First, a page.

(A) Schematic of the Hh signaling pathway showing the sequence in which core components function to transmit the signal from the cell surface to the nucleus. SAG and 20(S)-OHC are agonists and SANT-1, vismodegib, and cyclopamine are antagonists that bind and modulate the activity of SMO. Forskolin blocks signaling by elevating cAMP levels, which increases the activity of Protein Kinase A. (B) Mean (±SD, n = 3) Gli1 mRNA levels after treatment with MβCD:cholesterol (1.25 mM, 12 hr) in the presence of vismodegib (1 μM), cyclopamine (10 μM) or forskolin (10 μM). (C) Mean (±SD, n = 3) Gli1 mRNA levels after addition of agonists (12 hr) to Smo-/- cells, in which both Smo alleles have been genetically inactivated, or Smo-/- cells stably expressing a wild-type (WT) SMO protein or a variant SMO protein carrying an inactivating mutation (V333F) in its 7TMD (Byrne et al., 2016). SHH was used at 265 nM, 20(S)-OHC at 5 μM, and MβCD:cholesterol at 1.25 mM. (D) Mean (±SD, n = 4) Gli1 mRNA levels in Ptch1-/- cells after treatment with cyclopamine alone or cyclopamine in the presence of SAG (100 nM), MβCD (1.25 mM) or MβCD:cholesterol (1.25 mM). Asterisks denote statistical significance for differences from the “no inhibitor” sample in B, the V333F-expressing cell line in C, and the “no treatment” sample in D using one-way (B, D) or two-way (C) ANOVA with a Holm-Sidak post-test.
Figure 3—figure supplement 1
MβCD:cholesterol fails to drive SMO accumulation in the ciliary membrane.

(A) SMO protein levels in primary cilia were determined by immunostaining NIH/3T3 cells after treatment (12 hr) with SHH (265 nM) or the indicated concentrations of MβCD:cholesterol. The kinetics of SMO accumulation in cilia were measured after treatment with SHH (B, 265 nM) or MβCD:cholesterol (C, 1.2 mM). Each point depicts SMO fluorescence at a single cilium and the red bars show the median and interquartile range of measurements from ~250 cilia per condition for A and ~100 cilia per condition for B and C.
Figure 4 with 1 supplement
The Smoothened cysteine-rich domain is required for cholesterol-mediated activation of Hh signaling.

(A) Structure of human SMO (PDB 5L7D), with the CRD in orange, the 7TMD in blue, the linker domain in pink, and the cholesterol ligand bound to the CRD in green. The Cα positions of the gatekeeper residues in the two ligand binding sites are highlighted as yellow spheres and numbered, with the mouse numbering shown in parenthesis. The inset shows a close-up of the cholesterol-binding site. D95 and Y130 form part of a hydrogen-bonding network (dotted lines) with the 3-hydroxyl of cholesterol, G111 abuts the iso-octyl chain of cholesterol, and D473 is a critical residue in the 7TMD binding-site. (B, C and D) Dose-response curves for the indicated agonists in Smo-/- cells stably expressing WT SMO (always solid black circles) or the indicated SMO variants (open circles) carrying mutations in the 7TMD ligand-binding site (B) or at two opposite ends of the CRD binding groove (C and D). All agonists were applied to cells for 12 hr and mean (±SD) values for Gli1 mRNA are plotted based on 3 replicates. In C and D, values on the abscissa represent Log ([Agonist] in M) and the ordinate for all four graphs is only shown once at the left.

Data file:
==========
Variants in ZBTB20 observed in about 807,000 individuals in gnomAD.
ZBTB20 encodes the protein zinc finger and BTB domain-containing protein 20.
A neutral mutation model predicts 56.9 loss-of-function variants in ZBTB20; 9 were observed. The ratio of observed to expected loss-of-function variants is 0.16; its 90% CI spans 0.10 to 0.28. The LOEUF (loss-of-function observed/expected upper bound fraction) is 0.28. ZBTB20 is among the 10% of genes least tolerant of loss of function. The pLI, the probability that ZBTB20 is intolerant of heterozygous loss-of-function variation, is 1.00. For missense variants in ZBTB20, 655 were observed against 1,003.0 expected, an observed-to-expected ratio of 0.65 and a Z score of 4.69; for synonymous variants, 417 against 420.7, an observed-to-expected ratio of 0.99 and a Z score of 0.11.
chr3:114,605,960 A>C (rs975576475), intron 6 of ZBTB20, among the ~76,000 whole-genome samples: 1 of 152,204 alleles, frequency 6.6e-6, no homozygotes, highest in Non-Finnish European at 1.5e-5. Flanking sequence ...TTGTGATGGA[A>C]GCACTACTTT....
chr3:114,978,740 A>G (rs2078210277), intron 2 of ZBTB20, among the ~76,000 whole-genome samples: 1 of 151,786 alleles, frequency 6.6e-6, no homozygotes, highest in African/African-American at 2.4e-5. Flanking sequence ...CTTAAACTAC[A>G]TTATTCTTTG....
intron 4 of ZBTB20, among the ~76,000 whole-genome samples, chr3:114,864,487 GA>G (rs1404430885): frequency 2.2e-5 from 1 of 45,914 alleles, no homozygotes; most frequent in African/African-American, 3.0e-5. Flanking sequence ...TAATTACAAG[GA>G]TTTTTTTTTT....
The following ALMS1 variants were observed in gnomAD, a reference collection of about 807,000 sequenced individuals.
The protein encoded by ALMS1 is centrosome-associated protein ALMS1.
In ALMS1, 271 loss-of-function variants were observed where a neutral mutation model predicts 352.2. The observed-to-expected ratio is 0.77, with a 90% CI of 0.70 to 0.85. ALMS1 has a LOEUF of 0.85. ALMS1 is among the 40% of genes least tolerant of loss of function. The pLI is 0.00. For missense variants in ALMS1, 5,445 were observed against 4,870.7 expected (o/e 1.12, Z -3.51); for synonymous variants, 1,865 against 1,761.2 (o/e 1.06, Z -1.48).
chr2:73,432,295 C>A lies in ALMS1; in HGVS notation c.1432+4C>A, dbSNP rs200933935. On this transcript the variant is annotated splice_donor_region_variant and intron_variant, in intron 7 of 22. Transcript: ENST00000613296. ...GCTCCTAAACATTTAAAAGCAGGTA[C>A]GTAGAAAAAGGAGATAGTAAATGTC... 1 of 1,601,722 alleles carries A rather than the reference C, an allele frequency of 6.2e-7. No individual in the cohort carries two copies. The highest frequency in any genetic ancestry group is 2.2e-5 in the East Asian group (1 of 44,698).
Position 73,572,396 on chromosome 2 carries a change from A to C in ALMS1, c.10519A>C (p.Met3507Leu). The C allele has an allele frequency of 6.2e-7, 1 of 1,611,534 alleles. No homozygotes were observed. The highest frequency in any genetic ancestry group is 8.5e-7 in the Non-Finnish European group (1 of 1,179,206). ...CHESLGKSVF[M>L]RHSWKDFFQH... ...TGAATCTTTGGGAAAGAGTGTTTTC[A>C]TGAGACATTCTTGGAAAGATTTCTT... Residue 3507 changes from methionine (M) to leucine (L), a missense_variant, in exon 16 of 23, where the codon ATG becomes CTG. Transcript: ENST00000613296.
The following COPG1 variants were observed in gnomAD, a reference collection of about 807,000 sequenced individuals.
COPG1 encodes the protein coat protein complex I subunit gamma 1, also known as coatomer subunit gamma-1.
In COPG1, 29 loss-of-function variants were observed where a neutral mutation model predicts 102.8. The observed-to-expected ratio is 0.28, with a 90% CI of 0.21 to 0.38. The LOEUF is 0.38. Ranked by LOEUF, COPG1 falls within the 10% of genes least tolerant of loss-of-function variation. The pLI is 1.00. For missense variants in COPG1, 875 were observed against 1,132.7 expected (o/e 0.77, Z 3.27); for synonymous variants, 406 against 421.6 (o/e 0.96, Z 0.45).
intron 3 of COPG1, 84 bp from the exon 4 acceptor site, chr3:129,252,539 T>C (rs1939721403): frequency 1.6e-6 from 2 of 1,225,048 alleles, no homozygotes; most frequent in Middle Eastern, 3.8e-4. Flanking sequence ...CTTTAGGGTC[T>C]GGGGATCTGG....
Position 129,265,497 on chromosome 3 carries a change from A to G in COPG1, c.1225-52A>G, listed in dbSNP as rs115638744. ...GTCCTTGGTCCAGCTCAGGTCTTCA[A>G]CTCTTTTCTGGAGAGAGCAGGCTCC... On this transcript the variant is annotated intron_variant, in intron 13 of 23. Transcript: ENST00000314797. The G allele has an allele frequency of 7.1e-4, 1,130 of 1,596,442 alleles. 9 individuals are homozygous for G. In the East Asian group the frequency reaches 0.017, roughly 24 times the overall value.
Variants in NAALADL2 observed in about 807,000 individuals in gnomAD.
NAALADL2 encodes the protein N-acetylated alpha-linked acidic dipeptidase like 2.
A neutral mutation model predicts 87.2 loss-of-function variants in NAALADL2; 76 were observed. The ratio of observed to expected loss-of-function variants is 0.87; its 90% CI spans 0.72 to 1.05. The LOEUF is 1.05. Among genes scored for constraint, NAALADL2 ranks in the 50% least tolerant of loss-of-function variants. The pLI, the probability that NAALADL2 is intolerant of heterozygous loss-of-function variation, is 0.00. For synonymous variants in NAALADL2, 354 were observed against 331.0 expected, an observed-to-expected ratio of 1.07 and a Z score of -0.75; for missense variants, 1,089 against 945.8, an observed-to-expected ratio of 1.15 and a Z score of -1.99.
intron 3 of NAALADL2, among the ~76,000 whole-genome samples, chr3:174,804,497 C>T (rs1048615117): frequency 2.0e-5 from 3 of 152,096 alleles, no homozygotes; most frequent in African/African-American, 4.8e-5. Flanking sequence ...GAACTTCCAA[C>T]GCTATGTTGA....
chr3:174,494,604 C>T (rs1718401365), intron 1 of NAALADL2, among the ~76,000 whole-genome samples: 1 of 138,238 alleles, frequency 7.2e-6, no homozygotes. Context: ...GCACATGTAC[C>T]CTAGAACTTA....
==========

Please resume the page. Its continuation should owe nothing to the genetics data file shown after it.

Figure 4—figure supplement 1
Role of the cysteine-rich domain of Smoothened in responses to cholesterol and side-chain oxysterols.

(A and B) Dose-response curves for MβCD:cholesterol in Smo-/- cells stably expressing WT SMO (solid black circles) or the indicated SMO mutants. D477R (A) is an activating mutation in the 7TMD, Y134F (A) is a mutation in the CRD (see Figure 5) that abrogates cholesterol and oxysterol responses, and ΔCRD (B) is an activating N-terminal truncation mutant that lacks the entire CRD. (C) Gli1 induction in Smo-/- cells expressing SMO-WT or SMO-G115F (see Figure 4 and associated discussion) treated with the indicated side-chain oxysterols, each applied at 5 μM as an inclusion complex with 44 μM MβCD. The activity of MβCD:cholesterol (1.2 mM) in both cell lines is shown in (D) for comparison. (E) Structures of the various side-chain oxysterols used in C, with differences from cholesterol highlighted in red.